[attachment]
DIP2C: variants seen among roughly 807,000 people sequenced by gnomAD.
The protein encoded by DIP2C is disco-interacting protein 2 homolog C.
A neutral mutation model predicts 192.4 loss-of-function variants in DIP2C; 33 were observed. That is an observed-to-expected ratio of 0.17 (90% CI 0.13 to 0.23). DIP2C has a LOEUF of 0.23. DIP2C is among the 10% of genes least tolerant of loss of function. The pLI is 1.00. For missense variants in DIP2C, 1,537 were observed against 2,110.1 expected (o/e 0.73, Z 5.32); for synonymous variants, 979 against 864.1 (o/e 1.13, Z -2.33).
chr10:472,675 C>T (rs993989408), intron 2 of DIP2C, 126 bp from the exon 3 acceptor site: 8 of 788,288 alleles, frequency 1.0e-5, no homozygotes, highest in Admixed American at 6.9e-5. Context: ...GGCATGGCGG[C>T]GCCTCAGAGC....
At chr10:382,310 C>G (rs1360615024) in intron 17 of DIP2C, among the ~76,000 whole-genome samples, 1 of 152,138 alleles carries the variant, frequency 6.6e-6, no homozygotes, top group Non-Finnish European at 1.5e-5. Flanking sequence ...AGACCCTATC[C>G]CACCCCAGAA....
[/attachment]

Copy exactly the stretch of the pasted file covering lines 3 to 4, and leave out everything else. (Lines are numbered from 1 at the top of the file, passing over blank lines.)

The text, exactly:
A neutral mutation model predicts 192.4 loss-of-function variants in DIP2C; 33 were observed. That is an observed-to-expected ratio of 0.17 (90% CI 0.13 to 0.23). DIP2C has a LOEUF of 0.23. DIP2C is among the 10% of genes least tolerant of loss of function. The pLI is 1.00. For missense variants in DIP2C, 1,537 were observed against 2,110.1 expected (o/e 0.73, Z 5.32); for synonymous variants, 979 against 864.1 (o/e 1.13, Z -2.33).
chr10:472,675 C>T (rs993989408), intron 2 of DIP2C, 126 bp from the exon 3 acceptor site: 8 of 788,288 alleles, frequency 1.0e-5, no homozygotes, highest in Admixed American at 6.9e-5. Context: ...GGCATGGCGG[C>T]GCCTCAGAGC....